KRAUTHAMMER: Mass ritual slaughter.


BAIER: Back to the Incas.

Oil spill is not the top priority of most Americans. We'll talk about what is, next. During the break, go to the homepage at You can vote on your pick to begin tomorrow's lightning round.


BAIER: Vice President Joe Biden at the White House defended the stimulus package getting ready for a summer of doing that, we're told. This is as a new poll is out today. What do you think is the most important problem facing the country? Gallup poll, economy in general, 28 percent, unemployment/jobs, 21 percent, those two are alike.

The oil spill and response, 18 percent, and dissatisfaction with government or lack of leadership 14 percent.

About the stimulus, the Bureau of Labor Statistics earlier this month said since the stimulus was passed about 400,000 public sector employees have been added, those jobs. Public sector employers added jobs, 400,000 while the private sector shed 2.65 billion jobs.

What about this push by the White House, Charles?

KRAUTHAMMER: I think the jobs number is interesting because it tells us, we saw it last month that the census alone added, I think it was 450,000 in one month. And it tells us as the private industry is losing employment and public polls, the public rolls are being padded that we are getting a shift as a result of this recession and the money that the federal government is injecting from private employment into public employment.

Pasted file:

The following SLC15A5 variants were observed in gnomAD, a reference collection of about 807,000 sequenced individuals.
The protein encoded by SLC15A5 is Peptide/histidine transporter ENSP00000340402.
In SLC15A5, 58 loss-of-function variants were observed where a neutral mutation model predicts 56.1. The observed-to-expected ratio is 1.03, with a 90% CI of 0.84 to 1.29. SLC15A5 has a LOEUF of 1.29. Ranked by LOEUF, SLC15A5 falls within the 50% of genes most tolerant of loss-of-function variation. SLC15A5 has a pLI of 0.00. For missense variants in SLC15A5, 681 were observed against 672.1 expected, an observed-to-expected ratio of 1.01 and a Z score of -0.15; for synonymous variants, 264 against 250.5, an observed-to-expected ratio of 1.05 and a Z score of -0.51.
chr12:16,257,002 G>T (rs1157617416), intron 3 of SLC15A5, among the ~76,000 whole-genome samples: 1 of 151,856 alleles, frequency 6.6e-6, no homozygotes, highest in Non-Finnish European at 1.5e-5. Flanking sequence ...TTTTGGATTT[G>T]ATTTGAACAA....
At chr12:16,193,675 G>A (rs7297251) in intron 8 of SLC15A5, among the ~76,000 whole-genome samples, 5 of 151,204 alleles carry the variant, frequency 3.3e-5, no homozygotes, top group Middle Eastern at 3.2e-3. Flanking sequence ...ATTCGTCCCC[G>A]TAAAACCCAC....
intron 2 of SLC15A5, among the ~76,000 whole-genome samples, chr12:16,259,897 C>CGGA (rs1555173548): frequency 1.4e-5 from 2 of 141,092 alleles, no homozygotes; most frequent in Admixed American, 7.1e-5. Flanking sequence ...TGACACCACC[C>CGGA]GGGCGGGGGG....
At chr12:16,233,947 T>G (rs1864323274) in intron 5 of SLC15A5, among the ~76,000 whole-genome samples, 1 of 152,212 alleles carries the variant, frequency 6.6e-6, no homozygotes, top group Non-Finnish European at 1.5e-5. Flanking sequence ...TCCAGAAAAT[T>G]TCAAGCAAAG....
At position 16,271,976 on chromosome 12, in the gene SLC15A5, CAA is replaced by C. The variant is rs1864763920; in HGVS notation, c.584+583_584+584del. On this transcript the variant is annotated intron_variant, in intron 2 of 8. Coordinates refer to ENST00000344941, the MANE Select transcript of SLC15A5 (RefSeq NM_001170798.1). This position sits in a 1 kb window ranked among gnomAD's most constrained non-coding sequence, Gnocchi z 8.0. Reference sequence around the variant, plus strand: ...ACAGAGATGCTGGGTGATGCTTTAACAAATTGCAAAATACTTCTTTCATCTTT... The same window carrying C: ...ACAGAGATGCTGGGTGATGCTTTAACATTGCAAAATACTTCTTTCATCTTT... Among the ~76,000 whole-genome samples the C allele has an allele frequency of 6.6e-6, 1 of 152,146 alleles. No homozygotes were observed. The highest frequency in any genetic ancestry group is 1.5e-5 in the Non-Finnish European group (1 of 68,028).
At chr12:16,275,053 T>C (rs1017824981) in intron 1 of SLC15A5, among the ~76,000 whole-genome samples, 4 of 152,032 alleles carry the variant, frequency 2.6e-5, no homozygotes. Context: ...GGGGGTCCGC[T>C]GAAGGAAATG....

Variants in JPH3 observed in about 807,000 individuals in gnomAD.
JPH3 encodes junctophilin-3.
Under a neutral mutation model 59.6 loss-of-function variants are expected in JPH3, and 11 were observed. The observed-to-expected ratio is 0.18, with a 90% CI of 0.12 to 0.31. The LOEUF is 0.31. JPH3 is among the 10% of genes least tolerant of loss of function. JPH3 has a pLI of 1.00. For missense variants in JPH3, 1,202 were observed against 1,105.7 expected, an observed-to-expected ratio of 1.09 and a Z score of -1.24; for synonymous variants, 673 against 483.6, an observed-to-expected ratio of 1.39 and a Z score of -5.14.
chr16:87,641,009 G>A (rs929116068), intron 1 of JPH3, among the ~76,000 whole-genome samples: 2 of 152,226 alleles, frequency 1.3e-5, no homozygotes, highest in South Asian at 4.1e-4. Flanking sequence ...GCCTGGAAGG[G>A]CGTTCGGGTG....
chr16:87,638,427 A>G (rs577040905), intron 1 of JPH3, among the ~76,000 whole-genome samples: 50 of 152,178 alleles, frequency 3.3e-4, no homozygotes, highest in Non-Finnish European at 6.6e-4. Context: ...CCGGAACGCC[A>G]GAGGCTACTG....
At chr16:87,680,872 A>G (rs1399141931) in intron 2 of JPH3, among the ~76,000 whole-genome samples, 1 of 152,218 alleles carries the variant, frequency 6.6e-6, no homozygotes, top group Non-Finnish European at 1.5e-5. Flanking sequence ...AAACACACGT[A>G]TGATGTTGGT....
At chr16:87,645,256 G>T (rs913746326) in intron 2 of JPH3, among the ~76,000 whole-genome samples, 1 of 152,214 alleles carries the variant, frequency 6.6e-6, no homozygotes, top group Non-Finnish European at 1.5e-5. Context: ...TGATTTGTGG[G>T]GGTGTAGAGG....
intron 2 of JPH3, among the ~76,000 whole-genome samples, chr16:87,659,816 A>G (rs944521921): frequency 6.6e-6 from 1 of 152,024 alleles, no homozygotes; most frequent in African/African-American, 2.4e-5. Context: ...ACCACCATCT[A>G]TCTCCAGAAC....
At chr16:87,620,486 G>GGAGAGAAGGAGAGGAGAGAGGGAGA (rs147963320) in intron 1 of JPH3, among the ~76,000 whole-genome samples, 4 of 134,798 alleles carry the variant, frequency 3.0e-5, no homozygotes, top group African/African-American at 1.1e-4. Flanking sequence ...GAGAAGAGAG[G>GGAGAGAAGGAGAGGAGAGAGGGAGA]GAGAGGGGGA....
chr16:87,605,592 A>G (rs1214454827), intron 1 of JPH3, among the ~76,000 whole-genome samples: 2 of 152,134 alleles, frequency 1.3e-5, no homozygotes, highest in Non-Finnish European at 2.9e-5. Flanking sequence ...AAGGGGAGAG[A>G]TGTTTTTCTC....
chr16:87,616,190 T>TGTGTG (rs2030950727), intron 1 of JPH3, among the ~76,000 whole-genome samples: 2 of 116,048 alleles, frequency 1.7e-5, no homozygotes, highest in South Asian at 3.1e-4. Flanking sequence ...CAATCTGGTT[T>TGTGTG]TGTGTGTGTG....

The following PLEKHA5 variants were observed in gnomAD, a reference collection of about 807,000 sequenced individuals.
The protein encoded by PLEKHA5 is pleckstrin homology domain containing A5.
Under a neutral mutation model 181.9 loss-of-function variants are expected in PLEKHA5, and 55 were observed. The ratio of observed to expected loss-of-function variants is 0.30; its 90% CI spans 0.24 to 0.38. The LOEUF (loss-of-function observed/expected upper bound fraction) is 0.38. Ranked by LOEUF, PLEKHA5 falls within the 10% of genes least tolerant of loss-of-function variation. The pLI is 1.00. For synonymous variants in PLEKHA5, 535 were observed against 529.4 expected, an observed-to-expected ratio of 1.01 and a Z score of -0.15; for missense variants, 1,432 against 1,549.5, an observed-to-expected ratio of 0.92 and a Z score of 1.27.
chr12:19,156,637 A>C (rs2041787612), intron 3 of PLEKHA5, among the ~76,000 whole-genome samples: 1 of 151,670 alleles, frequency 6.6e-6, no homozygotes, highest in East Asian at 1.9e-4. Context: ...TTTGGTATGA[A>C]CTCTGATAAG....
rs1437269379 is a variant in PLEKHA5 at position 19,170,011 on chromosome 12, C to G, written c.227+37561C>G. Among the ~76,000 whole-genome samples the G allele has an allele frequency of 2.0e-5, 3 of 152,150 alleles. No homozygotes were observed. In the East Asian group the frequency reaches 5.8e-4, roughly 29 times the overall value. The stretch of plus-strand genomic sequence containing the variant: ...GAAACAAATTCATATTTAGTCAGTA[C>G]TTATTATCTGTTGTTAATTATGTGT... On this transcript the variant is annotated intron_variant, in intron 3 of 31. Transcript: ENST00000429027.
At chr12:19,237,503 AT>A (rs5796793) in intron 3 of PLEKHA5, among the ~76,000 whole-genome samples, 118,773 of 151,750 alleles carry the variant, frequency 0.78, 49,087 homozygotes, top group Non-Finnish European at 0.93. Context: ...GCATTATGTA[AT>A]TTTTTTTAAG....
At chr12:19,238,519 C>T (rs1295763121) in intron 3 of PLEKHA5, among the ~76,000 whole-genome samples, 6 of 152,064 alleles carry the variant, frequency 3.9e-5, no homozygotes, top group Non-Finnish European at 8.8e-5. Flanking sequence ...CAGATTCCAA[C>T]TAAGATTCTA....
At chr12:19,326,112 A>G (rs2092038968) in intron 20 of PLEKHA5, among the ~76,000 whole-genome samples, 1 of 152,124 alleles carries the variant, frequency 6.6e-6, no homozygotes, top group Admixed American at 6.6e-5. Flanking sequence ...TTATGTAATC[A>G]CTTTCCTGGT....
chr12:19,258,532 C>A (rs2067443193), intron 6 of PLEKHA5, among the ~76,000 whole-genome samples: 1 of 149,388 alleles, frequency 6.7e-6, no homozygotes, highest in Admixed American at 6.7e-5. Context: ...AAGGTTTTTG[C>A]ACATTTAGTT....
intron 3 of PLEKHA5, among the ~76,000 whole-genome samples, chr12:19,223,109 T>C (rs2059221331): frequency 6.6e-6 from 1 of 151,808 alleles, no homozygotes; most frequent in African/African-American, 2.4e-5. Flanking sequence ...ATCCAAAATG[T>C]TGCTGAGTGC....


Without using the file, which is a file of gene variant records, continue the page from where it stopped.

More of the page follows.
And it's not good for future of the country. You get a lot more bang for the buck when you get private enterprise and business. You don't create wealth by taking a census and knocking on doors.

BAIER: Politically, Juan, the White House is compelled to make this sale again right now.

WILLIAMS: Well the evidence is in front of everyone's eyes this summer as you move around America because there are going to be lots of public service projects on the roads, infrastructure-type deals that will be in evidence. So people who were making criticism, some of them I'm in their company this evening, are going to be able to say, you know what, I don't see how the stimulus helped America. I don't see these projects, I don't see what's come of it. Well, this summer you will see it.

Joe Biden will be out there and have a bull horn saying, look, here it is. Here, America, pay attention. This is the difference that that stimulus money made.

And he is also making the case on the Hill for additional spending. Because I think part of the argument had been -- it's interesting, but the left wing in the country, people like New York Times columnist Paul Krugman, say we didn't spend enough to get us over the hump in terms of this recession.